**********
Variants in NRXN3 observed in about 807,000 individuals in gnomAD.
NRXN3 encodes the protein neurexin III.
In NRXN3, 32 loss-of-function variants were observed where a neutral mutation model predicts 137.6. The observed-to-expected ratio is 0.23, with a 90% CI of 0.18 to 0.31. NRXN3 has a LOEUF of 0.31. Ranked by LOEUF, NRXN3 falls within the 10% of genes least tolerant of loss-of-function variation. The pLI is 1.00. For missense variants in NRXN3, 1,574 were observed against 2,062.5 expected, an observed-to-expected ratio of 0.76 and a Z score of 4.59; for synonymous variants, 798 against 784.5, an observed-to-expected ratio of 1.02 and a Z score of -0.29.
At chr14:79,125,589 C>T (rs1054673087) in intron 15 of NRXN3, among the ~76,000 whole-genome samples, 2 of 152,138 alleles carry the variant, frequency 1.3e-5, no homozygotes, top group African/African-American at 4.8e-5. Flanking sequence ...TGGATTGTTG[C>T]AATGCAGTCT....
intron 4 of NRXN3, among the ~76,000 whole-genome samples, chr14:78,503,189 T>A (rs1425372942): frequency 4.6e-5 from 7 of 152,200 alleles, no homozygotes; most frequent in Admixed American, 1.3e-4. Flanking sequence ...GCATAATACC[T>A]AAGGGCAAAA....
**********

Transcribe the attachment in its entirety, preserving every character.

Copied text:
Variants in NRXN3 observed in about 807,000 individuals in gnomAD.
NRXN3 encodes the protein neurexin III.
In NRXN3, 32 loss-of-function variants were observed where a neutral mutation model predicts 137.6. The observed-to-expected ratio is 0.23, with a 90% CI of 0.18 to 0.31. NRXN3 has a LOEUF of 0.31. Ranked by LOEUF, NRXN3 falls within the 10% of genes least tolerant of loss-of-function variation. The pLI is 1.00. For missense variants in NRXN3, 1,574 were observed against 2,062.5 expected, an observed-to-expected ratio of 0.76 and a Z score of 4.59; for synonymous variants, 798 against 784.5, an observed-to-expected ratio of 1.02 and a Z score of -0.29.
At chr14:79,125,589 C>T (rs1054673087) in intron 15 of NRXN3, among the ~76,000 whole-genome samples, 2 of 152,138 alleles carry the variant, frequency 1.3e-5, no homozygotes, top group African/African-American at 4.8e-5. Flanking sequence ...TGGATTGTTG[C>T]AATGCAGTCT....
intron 4 of NRXN3, among the ~76,000 whole-genome samples, chr14:78,503,189 T>A (rs1425372942): frequency 4.6e-5 from 7 of 152,200 alleles, no homozygotes; most frequent in Admixed American, 1.3e-4. Flanking sequence ...GCATAATACC[T>A]AAGGGCAAAA....